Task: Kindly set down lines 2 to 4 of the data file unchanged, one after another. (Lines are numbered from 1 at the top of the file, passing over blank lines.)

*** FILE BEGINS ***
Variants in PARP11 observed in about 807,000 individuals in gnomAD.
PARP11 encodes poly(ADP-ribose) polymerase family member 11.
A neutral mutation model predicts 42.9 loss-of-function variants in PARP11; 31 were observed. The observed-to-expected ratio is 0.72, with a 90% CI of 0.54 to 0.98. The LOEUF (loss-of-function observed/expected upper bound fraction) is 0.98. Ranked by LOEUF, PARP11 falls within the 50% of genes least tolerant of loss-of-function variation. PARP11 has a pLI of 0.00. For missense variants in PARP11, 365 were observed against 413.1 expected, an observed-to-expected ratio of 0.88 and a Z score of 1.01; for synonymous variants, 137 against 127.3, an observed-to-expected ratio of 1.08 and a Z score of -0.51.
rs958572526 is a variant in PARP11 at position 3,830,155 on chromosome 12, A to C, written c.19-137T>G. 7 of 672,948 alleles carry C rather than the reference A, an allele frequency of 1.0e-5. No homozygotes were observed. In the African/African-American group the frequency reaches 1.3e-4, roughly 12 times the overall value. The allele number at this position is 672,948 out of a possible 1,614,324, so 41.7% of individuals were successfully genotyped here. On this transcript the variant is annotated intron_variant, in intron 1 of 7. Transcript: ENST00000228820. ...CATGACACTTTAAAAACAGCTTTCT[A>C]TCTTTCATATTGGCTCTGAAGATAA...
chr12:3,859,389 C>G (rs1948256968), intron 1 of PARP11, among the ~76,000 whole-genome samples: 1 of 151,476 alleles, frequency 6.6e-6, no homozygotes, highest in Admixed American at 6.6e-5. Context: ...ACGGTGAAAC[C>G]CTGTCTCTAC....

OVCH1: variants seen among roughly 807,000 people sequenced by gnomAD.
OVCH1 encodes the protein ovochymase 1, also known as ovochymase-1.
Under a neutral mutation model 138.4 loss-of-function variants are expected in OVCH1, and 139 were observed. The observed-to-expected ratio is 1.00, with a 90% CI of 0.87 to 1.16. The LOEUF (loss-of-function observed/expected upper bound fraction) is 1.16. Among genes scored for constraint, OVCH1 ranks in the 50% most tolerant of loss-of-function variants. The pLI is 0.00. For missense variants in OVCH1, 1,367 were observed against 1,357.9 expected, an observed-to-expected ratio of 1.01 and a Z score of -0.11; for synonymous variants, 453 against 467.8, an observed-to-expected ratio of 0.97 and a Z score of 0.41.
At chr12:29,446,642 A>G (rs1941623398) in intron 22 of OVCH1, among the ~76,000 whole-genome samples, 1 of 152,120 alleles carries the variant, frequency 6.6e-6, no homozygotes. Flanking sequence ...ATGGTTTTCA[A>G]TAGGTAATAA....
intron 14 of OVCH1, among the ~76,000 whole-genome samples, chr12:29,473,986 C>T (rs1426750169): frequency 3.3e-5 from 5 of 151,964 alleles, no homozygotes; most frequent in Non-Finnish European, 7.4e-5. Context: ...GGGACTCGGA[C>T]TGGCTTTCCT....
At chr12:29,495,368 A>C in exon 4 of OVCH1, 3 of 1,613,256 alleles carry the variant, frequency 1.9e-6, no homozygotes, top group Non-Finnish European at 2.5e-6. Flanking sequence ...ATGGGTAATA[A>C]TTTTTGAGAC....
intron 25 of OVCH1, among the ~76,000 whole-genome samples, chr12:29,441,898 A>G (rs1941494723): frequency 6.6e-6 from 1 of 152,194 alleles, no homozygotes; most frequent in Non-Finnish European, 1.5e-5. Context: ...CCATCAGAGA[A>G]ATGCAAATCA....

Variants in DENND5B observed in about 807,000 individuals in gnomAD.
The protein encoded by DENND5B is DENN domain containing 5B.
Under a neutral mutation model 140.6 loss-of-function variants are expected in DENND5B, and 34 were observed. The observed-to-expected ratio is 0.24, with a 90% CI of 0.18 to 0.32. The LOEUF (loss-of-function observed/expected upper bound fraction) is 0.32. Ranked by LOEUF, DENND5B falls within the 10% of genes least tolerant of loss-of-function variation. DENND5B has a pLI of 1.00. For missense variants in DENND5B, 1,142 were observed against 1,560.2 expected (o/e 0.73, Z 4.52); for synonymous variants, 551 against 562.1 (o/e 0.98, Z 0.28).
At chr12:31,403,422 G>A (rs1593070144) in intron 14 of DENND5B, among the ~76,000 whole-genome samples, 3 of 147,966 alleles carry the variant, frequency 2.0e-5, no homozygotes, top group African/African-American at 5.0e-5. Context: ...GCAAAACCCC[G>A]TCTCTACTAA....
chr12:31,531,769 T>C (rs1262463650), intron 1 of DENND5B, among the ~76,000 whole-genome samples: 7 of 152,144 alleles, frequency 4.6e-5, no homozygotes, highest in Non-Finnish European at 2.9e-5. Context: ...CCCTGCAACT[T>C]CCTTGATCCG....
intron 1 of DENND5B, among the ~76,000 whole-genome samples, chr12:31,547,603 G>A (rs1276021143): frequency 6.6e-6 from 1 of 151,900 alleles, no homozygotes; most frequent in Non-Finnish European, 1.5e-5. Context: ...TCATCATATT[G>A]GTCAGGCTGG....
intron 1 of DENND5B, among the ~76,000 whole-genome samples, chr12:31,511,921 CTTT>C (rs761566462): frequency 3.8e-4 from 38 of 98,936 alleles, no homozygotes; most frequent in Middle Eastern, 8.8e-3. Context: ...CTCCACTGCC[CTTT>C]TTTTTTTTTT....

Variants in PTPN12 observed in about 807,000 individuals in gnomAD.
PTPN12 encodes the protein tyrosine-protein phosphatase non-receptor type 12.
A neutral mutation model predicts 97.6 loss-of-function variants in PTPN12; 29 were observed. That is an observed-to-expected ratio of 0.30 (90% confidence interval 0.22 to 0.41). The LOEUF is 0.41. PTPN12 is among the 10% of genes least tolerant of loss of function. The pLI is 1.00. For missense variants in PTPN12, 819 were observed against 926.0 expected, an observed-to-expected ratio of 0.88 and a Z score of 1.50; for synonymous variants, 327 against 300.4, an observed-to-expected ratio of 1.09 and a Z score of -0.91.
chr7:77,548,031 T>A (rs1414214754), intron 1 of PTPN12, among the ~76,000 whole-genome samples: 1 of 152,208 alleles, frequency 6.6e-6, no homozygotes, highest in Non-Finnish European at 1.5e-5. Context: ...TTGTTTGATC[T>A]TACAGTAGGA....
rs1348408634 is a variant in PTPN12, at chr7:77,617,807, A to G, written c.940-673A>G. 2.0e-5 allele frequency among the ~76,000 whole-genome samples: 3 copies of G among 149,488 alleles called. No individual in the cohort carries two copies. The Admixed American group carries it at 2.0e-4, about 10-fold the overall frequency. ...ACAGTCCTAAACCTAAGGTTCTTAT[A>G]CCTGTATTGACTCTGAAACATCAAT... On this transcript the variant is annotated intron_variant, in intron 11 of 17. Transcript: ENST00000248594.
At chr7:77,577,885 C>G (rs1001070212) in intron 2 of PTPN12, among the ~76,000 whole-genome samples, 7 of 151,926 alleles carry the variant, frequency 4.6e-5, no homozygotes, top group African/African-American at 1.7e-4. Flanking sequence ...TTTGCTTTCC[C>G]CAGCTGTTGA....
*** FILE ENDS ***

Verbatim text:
PARP11 encodes poly(ADP-ribose) polymerase family member 11.
A neutral mutation model predicts 42.9 loss-of-function variants in PARP11; 31 were observed. The observed-to-expected ratio is 0.72, with a 90% CI of 0.54 to 0.98. The LOEUF (loss-of-function observed/expected upper bound fraction) is 0.98. Ranked by LOEUF, PARP11 falls within the 50% of genes least tolerant of loss-of-function variation. PARP11 has a pLI of 0.00. For missense variants in PARP11, 365 were observed against 413.1 expected, an observed-to-expected ratio of 0.88 and a Z score of 1.01; for synonymous variants, 137 against 127.3, an observed-to-expected ratio of 1.08 and a Z score of -0.51.
rs958572526 is a variant in PARP11 at position 3,830,155 on chromosome 12, A to C, written c.19-137T>G. 7 of 672,948 alleles carry C rather than the reference A, an allele frequency of 1.0e-5. No homozygotes were observed. In the African/African-American group the frequency reaches 1.3e-4, roughly 12 times the overall value. The allele number at this position is 672,948 out of a possible 1,614,324, so 41.7% of individuals were successfully genotyped here. On this transcript the variant is annotated intron_variant, in intron 1 of 7. Transcript: ENST00000228820. ...CATGACACTTTAAAAACAGCTTTCT[A>C]TCTTTCATATTGGCTCTGAAGATAA...